At destruction and famine you shall laugh,
    and shall not fear the beasts of the earth.
  For you shall be in league with the stones of the field,
    and the beasts of the field shall be at peace with you.
  You shall know that your tent is at peace,
    and you shall inspect your fold and miss nothing.
  You shall know also that your offspring shall be many,
    and your descendants as the grass of the earth.
  You shall come to your grave in ripe old age,
    like a sheaf gathered up in its season.
  Behold, this we have searched out; it is true.
    Hear, and know it for your good.”


Job 5 Commentary

by Hank Workman

“I told you so…”

Imagine sitting in the wreckage of some situation, where you are doing everything you can to keep your head up and a well meaning friend speaks such words:  “I told you so…”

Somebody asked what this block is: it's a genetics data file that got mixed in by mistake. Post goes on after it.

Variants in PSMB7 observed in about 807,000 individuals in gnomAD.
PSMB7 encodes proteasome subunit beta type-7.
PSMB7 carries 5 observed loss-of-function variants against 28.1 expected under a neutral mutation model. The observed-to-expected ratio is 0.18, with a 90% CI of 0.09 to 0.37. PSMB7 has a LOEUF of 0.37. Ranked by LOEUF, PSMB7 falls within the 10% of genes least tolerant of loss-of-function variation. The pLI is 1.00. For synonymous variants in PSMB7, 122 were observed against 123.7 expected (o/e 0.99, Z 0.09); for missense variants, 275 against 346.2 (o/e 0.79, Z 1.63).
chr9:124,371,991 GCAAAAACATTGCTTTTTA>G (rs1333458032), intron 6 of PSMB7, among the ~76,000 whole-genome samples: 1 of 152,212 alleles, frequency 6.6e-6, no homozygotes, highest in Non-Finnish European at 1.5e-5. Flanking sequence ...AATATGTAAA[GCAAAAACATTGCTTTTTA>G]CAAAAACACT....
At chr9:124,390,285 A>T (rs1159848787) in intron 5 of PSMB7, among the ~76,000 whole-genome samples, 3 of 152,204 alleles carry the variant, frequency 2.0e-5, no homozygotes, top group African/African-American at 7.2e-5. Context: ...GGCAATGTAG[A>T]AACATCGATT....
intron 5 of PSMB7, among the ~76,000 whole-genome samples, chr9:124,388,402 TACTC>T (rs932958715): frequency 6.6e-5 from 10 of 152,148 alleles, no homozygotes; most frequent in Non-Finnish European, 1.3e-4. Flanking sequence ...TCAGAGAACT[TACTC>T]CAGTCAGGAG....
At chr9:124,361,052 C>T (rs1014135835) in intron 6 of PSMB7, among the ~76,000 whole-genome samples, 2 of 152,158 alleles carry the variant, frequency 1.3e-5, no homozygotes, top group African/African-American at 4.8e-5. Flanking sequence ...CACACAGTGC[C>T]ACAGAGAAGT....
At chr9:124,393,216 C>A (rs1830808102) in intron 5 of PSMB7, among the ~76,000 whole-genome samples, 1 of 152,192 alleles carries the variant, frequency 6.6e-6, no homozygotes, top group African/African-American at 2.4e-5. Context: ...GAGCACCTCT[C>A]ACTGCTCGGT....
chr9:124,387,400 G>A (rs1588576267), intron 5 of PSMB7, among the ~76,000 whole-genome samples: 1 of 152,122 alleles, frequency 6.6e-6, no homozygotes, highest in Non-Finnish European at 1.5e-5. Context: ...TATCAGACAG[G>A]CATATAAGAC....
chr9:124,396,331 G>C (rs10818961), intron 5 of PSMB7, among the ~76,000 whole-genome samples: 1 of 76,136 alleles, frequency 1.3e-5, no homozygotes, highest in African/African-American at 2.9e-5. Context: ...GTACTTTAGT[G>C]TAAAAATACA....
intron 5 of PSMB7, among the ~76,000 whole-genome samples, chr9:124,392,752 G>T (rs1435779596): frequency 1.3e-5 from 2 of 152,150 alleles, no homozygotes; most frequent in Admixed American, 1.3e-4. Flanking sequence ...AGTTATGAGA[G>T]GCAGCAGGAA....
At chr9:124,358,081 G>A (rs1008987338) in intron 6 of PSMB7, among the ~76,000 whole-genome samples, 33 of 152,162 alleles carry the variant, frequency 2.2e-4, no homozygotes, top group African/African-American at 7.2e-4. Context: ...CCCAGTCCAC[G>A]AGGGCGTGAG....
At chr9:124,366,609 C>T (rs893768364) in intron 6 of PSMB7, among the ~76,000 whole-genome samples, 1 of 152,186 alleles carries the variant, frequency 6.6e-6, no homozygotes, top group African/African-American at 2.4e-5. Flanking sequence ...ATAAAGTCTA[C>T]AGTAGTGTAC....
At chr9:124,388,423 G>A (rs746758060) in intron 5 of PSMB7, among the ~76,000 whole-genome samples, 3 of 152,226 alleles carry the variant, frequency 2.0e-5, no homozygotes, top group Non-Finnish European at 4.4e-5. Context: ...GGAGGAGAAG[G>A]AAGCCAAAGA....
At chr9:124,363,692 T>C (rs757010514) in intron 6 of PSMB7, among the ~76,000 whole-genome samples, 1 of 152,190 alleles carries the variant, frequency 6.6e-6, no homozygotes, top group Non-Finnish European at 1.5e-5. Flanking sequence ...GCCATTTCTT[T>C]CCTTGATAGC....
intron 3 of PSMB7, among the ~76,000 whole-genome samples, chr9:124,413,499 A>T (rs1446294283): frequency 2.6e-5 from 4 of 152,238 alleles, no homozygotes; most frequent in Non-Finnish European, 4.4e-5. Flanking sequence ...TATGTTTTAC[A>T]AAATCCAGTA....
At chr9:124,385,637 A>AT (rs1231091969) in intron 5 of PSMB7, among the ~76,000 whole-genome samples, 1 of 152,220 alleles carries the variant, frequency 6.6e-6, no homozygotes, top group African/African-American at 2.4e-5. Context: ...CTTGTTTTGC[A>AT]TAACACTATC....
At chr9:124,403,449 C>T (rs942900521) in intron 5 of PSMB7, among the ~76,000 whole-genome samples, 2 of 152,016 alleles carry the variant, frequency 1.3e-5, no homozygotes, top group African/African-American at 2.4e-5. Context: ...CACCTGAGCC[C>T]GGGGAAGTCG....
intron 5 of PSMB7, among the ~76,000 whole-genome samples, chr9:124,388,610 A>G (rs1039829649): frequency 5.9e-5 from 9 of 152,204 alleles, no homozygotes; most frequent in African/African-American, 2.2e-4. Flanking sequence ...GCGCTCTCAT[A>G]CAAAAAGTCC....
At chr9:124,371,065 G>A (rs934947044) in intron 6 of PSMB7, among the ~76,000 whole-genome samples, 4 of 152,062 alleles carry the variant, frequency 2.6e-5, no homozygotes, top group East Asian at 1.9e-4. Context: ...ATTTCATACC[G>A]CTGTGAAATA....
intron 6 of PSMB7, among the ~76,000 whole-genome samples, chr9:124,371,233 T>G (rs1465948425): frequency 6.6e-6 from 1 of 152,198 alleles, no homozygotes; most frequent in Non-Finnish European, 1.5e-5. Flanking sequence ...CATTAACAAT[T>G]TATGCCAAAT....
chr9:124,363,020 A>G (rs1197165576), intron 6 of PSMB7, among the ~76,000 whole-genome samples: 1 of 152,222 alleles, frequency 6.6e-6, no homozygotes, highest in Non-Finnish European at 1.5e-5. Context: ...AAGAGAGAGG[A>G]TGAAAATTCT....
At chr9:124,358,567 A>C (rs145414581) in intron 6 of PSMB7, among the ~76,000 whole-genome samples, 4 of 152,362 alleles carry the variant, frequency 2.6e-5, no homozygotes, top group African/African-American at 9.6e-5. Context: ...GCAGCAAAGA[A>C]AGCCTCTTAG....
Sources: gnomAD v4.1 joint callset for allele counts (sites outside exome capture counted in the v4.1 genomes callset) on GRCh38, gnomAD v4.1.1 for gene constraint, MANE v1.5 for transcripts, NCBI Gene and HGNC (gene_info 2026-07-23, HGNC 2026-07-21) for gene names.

This is almost the feel that is found in Eliphaz’s statements.  He tactfully yet ever so boldly lets Job know some important truths of who God is, His righteousness and so forth – but comes in with his own take – God is punishing Job for things of his life.  In fact, he goes so far to state that these 3 who sit with him have searched out these thoughts; have investigated the entire theology of God and of Job’s situation and know what they’re talking about.  Such arrogance.  And truly, such a horrific friend in such a crisis.

Eliphaz is a lousy friend, a terrible counselor, and got lost in the application of what he’s discovered of God Himself.   What a toxic mix of things.

There will come a point at the end of this story where God addresses Eliphaz and his foolishness.  In fact, He singles him out of all 3 men in Job 42:7 – “I am angry with you and your two friends, because you did not speak the truth about me, the way my servant Job did.”  Oh he may have had fairly sound doctrine and theology of God but he was absolutely the epitome of the worst counselor and friend possible with someone so in need.